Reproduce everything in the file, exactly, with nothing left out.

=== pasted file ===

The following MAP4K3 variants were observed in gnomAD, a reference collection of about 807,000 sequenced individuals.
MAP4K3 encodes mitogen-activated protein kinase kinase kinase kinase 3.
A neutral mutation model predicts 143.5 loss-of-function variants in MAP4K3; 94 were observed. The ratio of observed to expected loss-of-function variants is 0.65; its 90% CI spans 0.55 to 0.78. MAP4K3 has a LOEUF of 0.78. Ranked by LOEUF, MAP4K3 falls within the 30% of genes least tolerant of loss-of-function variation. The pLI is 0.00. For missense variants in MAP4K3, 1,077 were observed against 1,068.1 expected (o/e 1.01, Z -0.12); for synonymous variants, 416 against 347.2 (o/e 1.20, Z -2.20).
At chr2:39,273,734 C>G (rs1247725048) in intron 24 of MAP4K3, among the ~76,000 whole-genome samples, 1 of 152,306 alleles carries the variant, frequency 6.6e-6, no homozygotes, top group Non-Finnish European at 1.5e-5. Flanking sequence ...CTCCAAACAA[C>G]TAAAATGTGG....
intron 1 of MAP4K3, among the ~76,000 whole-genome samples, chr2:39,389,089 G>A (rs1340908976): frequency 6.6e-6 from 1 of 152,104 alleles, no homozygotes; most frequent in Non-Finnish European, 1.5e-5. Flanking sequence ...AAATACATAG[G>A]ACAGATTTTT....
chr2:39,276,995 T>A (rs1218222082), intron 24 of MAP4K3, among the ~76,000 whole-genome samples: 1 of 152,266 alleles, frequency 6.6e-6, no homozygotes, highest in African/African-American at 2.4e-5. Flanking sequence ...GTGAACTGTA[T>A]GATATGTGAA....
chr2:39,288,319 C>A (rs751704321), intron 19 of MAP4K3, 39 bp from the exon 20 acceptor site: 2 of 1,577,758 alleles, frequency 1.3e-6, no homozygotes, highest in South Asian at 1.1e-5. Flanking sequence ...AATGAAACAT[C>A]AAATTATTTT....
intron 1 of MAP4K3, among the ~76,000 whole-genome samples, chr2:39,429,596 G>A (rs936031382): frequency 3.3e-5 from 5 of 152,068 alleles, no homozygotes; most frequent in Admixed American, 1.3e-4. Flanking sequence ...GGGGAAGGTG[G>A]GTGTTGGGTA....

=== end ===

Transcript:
The following MAP4K3 variants were observed in gnomAD, a reference collection of about 807,000 sequenced individuals.
MAP4K3 encodes mitogen-activated protein kinase kinase kinase kinase 3.
A neutral mutation model predicts 143.5 loss-of-function variants in MAP4K3; 94 were observed. The ratio of observed to expected loss-of-function variants is 0.65; its 90% CI spans 0.55 to 0.78. MAP4K3 has a LOEUF of 0.78. Ranked by LOEUF, MAP4K3 falls within the 30% of genes least tolerant of loss-of-function variation. The pLI is 0.00. For missense variants in MAP4K3, 1,077 were observed against 1,068.1 expected (o/e 1.01, Z -0.12); for synonymous variants, 416 against 347.2 (o/e 1.20, Z -2.20).
At chr2:39,273,734 C>G (rs1247725048) in intron 24 of MAP4K3, among the ~76,000 whole-genome samples, 1 of 152,306 alleles carries the variant, frequency 6.6e-6, no homozygotes, top group Non-Finnish European at 1.5e-5. Flanking sequence ...CTCCAAACAA[C>G]TAAAATGTGG....
intron 1 of MAP4K3, among the ~76,000 whole-genome samples, chr2:39,389,089 G>A (rs1340908976): frequency 6.6e-6 from 1 of 152,104 alleles, no homozygotes; most frequent in Non-Finnish European, 1.5e-5. Flanking sequence ...AAATACATAG[G>A]ACAGATTTTT....
chr2:39,276,995 T>A (rs1218222082), intron 24 of MAP4K3, among the ~76,000 whole-genome samples: 1 of 152,266 alleles, frequency 6.6e-6, no homozygotes, highest in African/African-American at 2.4e-5. Flanking sequence ...GTGAACTGTA[T>A]GATATGTGAA....
chr2:39,288,319 C>A (rs751704321), intron 19 of MAP4K3, 39 bp from the exon 20 acceptor site: 2 of 1,577,758 alleles, frequency 1.3e-6, no homozygotes, highest in South Asian at 1.1e-5. Flanking sequence ...AATGAAACAT[C>A]AAATTATTTT....
intron 1 of MAP4K3, among the ~76,000 whole-genome samples, chr2:39,429,596 G>A (rs936031382): frequency 3.3e-5 from 5 of 152,068 alleles, no homozygotes; most frequent in Admixed American, 1.3e-4. Flanking sequence ...GGGGAAGGTG[G>A]GTGTTGGGTA....